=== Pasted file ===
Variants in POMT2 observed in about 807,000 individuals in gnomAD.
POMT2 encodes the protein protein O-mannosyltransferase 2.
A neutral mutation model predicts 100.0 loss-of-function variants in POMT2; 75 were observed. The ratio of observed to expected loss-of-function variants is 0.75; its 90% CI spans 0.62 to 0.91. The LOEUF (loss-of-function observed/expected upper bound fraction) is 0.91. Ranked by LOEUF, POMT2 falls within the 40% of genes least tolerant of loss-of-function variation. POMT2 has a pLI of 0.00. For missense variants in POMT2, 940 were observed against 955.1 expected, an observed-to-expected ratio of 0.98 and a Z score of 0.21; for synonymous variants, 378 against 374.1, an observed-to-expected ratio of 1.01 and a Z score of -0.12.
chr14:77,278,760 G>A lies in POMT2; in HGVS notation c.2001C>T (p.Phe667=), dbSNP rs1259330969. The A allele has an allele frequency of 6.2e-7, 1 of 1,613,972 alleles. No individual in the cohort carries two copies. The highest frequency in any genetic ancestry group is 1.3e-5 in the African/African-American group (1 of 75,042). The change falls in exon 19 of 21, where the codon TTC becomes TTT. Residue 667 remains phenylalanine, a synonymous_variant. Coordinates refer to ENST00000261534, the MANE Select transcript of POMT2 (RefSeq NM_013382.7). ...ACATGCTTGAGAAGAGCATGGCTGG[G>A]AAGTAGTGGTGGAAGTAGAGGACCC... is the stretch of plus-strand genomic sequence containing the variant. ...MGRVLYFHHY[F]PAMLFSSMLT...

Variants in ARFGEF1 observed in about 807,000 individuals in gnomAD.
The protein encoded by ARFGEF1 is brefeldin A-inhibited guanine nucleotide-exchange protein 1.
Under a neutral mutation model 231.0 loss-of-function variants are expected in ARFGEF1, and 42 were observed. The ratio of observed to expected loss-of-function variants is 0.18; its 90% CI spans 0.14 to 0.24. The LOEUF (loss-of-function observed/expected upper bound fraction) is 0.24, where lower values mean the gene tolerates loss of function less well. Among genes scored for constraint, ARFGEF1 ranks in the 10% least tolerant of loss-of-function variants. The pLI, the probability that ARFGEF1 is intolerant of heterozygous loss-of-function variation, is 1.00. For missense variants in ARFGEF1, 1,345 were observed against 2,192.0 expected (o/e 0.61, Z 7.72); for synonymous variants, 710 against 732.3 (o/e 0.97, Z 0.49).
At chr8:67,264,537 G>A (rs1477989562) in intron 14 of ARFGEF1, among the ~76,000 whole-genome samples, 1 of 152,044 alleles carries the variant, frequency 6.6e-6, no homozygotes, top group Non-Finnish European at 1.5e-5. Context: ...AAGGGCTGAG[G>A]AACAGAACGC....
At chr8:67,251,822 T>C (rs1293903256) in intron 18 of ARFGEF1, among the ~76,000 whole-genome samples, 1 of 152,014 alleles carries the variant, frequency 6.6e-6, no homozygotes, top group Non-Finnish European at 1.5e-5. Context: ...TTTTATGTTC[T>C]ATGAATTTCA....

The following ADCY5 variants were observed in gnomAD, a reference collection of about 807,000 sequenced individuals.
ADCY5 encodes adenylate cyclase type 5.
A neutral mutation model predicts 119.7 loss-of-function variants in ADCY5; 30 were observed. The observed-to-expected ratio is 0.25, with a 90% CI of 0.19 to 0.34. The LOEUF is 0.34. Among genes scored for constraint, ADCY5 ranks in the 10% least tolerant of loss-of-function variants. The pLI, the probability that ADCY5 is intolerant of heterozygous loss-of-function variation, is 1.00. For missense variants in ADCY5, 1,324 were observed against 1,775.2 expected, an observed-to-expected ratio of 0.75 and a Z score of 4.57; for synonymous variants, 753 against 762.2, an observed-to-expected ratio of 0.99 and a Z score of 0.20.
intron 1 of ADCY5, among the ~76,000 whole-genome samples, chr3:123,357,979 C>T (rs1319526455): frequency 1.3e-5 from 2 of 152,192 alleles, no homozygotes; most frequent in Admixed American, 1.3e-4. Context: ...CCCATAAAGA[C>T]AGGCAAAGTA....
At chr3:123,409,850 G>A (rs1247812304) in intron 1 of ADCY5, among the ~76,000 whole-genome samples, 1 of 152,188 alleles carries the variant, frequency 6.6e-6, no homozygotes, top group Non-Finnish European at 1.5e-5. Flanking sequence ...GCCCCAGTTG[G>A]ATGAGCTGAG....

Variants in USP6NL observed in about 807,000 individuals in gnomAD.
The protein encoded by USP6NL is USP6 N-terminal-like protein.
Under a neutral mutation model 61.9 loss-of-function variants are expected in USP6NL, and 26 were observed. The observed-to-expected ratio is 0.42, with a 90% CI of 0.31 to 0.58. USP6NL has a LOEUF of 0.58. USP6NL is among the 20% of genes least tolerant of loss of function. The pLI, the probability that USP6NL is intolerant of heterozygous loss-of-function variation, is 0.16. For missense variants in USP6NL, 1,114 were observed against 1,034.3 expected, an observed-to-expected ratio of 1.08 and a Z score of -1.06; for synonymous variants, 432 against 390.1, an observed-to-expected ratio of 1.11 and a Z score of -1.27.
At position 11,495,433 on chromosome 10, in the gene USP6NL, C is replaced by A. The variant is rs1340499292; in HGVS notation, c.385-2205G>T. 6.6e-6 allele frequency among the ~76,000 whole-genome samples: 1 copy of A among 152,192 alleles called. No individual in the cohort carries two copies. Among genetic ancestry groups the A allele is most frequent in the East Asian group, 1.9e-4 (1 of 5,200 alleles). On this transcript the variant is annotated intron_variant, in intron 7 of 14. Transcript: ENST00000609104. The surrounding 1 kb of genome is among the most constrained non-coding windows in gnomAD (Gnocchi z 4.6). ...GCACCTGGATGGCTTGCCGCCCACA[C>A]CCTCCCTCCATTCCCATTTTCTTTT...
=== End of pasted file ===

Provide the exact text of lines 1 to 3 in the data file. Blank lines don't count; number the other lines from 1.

Variants in POMT2 observed in about 807,000 individuals in gnomAD.
POMT2 encodes the protein protein O-mannosyltransferase 2.
A neutral mutation model predicts 100.0 loss-of-function variants in POMT2; 75 were observed. The ratio of observed to expected loss-of-function variants is 0.75; its 90% CI spans 0.62 to 0.91. The LOEUF (loss-of-function observed/expected upper bound fraction) is 0.91. Ranked by LOEUF, POMT2 falls within the 40% of genes least tolerant of loss-of-function variation. POMT2 has a pLI of 0.00. For missense variants in POMT2, 940 were observed against 955.1 expected, an observed-to-expected ratio of 0.98 and a Z score of 0.21; for synonymous variants, 378 against 374.1, an observed-to-expected ratio of 1.01 and a Z score of -0.12.